This complex, multi-paneled altarpiece is the founding work of Northern Renaissance painting, its Beowulf or Divina Commedia. Adam and Eve and the rear panels are under restoration, and the whole thing is behind a wall of bulletproof glass, which definitely needed some Windex. Thus viewing conditions are far from ideal. But it still takes your breath away. First of all, and I know I keep saying this, it’s big. Really big. Christ and the Virgin and St. John are all massive. I don’t think there’s any kind of precedent for them in panel painting; I think they must have been inspired by sculpture. Then the details are just delicious. You can’t get nose to nose with the gems on the hems of the gowns like we did in Bruges, but you can still see that they’re amazing. The faces of the angels singing, the organ, the jeweled crown, the peacock feathers on the angel whose censer is frozen in motion, the landscape backgrounds – it all has a level of detail that is almost insane. And comparing the lower lefthand panel, a copy of the real thing which was stolen in 1934 and never recovered, with the genuine one next to it is revelatory in person in a way that doesn’t come through in reproduction. Probably the guy who painted it was a really good painter, but literally next to Jan van Eyck he looks like a clown.
I spent an hour with the Lamb of God, did some wandering around, and then realized I was passing the design museum. Since Amsterdam I’ve had a flyer for a Peter Behrens exhibit there in my notebook. It was nearly 4:30, so I went in and asked the man selling tickets if an hour & a half were enough time to see the museum. “Oh, yes, certainly,” he said. So I bought a ticket. Now, if any of you were concerned that I had lost my ability to geek out on things (like Renaissance printing) that have previously fascinated me, let me set your minds at rest: I enjoyed the hell out of the design museum.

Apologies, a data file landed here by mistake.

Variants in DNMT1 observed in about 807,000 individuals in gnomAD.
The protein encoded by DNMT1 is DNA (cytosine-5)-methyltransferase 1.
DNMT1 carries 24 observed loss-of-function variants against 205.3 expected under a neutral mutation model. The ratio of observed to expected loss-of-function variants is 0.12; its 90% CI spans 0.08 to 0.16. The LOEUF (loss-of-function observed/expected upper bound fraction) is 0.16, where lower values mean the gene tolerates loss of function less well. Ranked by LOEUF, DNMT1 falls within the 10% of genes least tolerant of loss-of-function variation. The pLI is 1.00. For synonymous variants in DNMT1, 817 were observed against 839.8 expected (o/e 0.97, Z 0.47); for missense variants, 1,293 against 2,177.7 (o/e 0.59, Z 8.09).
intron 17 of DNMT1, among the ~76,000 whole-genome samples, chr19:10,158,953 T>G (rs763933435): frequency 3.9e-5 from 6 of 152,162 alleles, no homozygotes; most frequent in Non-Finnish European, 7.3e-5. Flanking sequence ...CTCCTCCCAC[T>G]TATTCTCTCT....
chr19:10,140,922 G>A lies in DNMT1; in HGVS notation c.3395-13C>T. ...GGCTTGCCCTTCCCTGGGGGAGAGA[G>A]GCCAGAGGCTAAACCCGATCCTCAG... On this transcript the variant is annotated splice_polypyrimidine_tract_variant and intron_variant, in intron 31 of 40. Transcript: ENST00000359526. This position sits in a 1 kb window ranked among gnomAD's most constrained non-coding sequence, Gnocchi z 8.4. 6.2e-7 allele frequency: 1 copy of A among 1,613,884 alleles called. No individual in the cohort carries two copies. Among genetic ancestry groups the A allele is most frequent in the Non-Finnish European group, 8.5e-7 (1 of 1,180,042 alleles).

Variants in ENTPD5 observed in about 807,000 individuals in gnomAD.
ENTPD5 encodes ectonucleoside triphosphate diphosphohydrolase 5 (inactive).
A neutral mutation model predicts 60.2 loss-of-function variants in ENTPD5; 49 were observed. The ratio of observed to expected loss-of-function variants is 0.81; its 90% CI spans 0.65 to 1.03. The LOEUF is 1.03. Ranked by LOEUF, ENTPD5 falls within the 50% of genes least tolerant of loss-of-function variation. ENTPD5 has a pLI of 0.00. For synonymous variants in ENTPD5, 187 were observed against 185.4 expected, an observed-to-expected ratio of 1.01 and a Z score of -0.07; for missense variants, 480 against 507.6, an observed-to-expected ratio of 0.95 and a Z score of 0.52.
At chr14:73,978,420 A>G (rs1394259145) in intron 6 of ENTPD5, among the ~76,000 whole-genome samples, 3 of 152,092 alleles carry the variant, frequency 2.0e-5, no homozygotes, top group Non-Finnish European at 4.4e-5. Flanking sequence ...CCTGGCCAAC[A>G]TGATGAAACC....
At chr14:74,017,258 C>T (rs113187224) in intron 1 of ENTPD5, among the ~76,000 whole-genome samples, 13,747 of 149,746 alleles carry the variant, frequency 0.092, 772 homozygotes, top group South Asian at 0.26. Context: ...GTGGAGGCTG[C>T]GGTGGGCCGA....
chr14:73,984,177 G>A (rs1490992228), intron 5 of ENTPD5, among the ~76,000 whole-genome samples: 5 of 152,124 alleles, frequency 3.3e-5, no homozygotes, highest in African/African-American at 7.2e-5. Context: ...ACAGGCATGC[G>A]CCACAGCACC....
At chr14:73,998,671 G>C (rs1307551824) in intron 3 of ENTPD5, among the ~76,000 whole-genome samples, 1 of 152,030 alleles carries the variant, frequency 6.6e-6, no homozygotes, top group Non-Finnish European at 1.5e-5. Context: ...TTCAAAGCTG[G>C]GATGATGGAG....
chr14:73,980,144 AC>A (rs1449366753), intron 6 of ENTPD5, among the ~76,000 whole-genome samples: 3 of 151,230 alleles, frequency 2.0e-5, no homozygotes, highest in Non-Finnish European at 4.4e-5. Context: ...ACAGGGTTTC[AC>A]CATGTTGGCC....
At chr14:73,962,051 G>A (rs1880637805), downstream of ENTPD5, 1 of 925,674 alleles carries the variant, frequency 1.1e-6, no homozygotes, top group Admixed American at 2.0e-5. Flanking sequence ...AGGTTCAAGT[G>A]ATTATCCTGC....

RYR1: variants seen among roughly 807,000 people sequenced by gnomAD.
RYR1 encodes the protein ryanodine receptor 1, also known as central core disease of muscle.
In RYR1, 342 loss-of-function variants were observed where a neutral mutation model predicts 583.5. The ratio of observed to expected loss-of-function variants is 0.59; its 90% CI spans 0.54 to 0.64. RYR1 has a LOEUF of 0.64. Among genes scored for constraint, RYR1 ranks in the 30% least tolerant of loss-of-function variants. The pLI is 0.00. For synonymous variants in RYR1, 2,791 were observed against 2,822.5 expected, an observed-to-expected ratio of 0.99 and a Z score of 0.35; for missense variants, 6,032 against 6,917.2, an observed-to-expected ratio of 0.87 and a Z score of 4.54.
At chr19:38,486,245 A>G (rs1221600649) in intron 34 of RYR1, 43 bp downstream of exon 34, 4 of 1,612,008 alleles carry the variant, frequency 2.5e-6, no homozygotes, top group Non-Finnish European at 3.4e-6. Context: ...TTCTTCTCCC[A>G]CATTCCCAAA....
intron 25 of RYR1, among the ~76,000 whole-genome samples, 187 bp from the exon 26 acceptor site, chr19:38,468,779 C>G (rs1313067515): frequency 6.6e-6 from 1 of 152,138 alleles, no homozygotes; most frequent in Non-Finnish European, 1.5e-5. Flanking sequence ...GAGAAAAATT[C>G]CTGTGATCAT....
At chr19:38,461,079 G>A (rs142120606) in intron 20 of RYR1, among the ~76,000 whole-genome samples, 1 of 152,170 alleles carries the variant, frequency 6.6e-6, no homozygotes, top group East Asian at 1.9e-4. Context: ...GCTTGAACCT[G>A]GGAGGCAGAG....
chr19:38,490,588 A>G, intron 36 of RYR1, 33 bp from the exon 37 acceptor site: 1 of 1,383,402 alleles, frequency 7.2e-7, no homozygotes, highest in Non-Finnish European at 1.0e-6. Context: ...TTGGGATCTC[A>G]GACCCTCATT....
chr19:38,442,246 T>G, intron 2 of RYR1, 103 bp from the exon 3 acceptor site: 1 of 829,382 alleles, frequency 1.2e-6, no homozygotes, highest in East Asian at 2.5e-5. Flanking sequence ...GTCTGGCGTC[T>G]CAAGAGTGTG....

The Peter Behrens exhibit was visually terrific. It set the stage nicely with examples of Jugenstil, a few of his early paintings & the famous Kiss woodcut. Then it got into the variety of his output – architecture, furniture, plates and glasses and cutlery, typefaces, logos, electric fans, and so on, comparing his tableware with place settings by Henry van de Velde and Richard Riemerschmid. Really interesting. There were lots of things crying out to be drawn, but I wanted to see more of the museum & didn’t have time to spare. I went through the period rooms quickly but spent more time in the Art Nouveau section. Glass by Daum Freres and Emile Galle. Fantastic neo-Rococo silver by the Belgian jeweler Philippe Wolfers. Wonderfully simple designs by Christopher Dresser. I got up close to a Louis Majorelle chair and the workmanship was just superb. One itinerary focused on ornament and led to Art Deco, the other on structure, simplicity of form, & led to mid-century modern. Then I had to decide – stop and draw, or see more? I decided to press on, and I was glad I did, for the top floor featured an absolutely hilarious display of postmodern design. Who ever thought this was a good idea?
I left the design museum when it closed, missing the whole bottom floor, an exhibit on a designer of pop album covers, I think. Wandering half a block, I made the impulse decision to take a boat tour. This would have been better had the guide not been translating everything into at least 4 languages (Dutch AND German? Really?) and if the noise of the engine hadn’t drowned out two thirds of what he said, but it was cool to see the city from the water, and it was a gorgeous day. We passed a terrace restaurant in the boat, & I decided I wanted to at least look at the menu. There was an eggplant & goat cheese entree; the waiter comped me some mashed potatoes because he was worried I wouldn’t get enough to eat. Lovely dinner, lovely day in Ghent – once I finally got there.